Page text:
To consume the amount of alcohol that is in two martinis by drinking wine containing three parts water to one part wine, one would have to drink over twenty-two glasses. In other words, it is possible to become intoxicated from wine mixed with three parts of water, but one’s drinking would probably affect the bladder long before it affected the mind.
In concluding this brief article I would like to emphasize two points. First, it is important to try to understand the biblical text in the context in which it was written. Before we ask “What does the biblical text mean for us today?” we must ask “What did it mean to them originally?” Second, there is a striking difference between the drinking of alcoholic beverages today and the drinking of wine in New Testament times. If the drinking of unmixed wine or even wine mixed in a ratio of one to one with water was frowned upon in ancient times, certainly the drinking of distilled spirits in which the alcoholic content is frequently three to ten times greater would be frowned upon a great deal more.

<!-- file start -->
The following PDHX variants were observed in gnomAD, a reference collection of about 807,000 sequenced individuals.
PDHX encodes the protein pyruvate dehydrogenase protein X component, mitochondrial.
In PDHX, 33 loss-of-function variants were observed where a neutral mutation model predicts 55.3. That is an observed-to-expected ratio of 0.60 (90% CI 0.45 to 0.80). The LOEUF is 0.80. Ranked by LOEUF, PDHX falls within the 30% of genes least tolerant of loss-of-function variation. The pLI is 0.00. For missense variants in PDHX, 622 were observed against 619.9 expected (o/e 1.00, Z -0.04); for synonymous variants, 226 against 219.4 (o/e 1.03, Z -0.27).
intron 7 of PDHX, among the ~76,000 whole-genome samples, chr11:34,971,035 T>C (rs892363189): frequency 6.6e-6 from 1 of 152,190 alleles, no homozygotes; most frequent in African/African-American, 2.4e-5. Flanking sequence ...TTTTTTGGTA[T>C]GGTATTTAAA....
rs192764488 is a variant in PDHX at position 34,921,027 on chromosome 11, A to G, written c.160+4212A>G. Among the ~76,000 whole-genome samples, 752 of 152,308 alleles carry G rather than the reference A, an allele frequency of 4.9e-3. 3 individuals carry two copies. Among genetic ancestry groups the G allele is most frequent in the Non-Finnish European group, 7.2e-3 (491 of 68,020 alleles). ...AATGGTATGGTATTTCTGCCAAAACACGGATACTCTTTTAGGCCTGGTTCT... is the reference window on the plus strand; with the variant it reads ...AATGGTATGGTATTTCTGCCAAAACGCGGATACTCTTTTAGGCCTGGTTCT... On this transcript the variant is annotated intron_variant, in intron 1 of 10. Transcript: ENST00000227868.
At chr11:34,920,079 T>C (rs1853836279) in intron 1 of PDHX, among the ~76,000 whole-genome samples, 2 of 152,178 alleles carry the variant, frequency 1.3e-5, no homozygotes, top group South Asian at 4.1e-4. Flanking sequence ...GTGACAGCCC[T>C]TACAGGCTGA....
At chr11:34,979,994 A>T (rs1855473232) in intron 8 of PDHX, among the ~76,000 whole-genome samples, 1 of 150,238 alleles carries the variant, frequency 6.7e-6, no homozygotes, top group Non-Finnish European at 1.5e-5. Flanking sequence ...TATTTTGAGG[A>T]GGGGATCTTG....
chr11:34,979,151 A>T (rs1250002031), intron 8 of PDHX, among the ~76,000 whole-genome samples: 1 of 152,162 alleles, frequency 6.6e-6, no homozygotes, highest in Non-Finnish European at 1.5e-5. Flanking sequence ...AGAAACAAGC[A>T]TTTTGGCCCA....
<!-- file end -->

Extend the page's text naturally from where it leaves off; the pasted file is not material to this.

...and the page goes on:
Robert H. Stein is associate professor of New Testament at Bethel College, St. Paul, Minnesota. He has the B.D. from Fuller Seminary, S.T.M. from Andover Newton Theological School, and Ph.D. from Princeton Seminary.
Here is the handout for our third lesson on Biblical Evangelism (Wed. nights)